YOUR PROFESSION

Brief: School Reforms That Work

Information about Professional Development, Early Childhood Education, and other school reform programs that have proven effective.


ESEA - An Overview

The Elementary and Secondary Education Act (ESEA) is not new legislation. It has been in existence since 1965 and is “re-authorized” by Congress every six years. The No Child Left Behind Act (NCLB) is the 2001 version of ESEA or “ESEA ‘01”. The reauthorization process began in 2000 to update the previous version, ESEA ’94. While NCLB is touted by the administration as being revolutionary, many of the changes began in ESEA ’94.


ESEA - Standards

ESEA ’94 mandated the development of “academic standards” by the States. These standards are to be applied to all students and all schools in the state.


ESEA Accountability - Adequate Yearly Progress

In short, States are held accountable and are required to hold local education agencies (LEA’s) accountable for developing standards and putting systems in place to ensure that students are able to meet or exceed those standards. States and LEA’s are to prove they’ve done so by assessing the students. The “or else” comes in the form of sanctions against the state, districts (LEAs), and schools, however, the worst a State can be sanctioned is the loss of funds; schools, and their employees, can suffer worse fates. We have already discussed Standards and Assessments in separate briefing papers. The remaining major aspects of Accountability are discussed in individual papers as well. Again, the actual language of the law is extensive.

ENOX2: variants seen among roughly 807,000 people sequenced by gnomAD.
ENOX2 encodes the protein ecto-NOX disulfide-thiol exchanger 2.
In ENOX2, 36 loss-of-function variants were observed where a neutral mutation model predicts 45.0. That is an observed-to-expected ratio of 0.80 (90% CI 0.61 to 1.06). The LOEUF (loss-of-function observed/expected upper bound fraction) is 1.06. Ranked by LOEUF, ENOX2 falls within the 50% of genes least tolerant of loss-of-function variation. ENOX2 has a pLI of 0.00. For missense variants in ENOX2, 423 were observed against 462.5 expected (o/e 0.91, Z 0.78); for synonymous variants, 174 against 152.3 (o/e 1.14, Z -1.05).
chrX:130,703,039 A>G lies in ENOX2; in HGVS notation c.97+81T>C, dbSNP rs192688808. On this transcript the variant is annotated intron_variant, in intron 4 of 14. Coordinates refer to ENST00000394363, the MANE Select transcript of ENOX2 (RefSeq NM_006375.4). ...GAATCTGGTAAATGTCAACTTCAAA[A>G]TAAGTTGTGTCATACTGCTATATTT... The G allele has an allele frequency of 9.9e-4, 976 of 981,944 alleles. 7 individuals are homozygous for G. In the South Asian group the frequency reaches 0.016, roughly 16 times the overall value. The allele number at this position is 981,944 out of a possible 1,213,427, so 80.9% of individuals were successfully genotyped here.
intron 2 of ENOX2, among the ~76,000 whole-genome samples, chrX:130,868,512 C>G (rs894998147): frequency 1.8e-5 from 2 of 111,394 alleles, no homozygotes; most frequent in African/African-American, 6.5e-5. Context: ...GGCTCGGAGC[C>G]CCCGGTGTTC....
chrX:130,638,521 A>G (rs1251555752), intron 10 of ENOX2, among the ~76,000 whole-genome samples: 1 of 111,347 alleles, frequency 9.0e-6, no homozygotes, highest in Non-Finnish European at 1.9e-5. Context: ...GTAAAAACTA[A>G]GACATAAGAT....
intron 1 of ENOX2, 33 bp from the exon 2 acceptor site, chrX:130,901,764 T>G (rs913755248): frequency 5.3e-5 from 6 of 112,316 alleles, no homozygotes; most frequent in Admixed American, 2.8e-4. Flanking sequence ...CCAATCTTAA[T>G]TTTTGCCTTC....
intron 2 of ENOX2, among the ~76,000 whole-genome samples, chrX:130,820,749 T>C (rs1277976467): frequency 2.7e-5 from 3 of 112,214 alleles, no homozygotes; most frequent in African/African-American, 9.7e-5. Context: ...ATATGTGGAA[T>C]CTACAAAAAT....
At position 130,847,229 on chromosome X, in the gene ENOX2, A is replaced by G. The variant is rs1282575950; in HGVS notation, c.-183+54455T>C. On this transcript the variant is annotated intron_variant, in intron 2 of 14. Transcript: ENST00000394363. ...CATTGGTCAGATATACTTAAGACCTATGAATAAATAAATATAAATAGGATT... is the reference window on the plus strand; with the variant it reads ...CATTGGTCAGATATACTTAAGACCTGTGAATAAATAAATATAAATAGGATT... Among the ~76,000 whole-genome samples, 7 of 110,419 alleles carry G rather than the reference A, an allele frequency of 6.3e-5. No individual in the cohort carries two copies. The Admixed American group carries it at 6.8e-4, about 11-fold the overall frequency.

ESEA Accountability - Report Cards

Title I, Part A, Section 1111 of ESEA ‘01 requires that both the State and the Local Education Agency (LEA) must prepare an annual report card no later than the beginning of the SY 02-03.


ESEA Accountability - Sanctions

The language of the Elementary and Secondary Act (ESEA) is quite extensive. This document includes highlights of Title I, Part A, Section 1116.


ESEA Briefing - Assessments

Information on ESEA and highlights of the Title I provisions on assessments.



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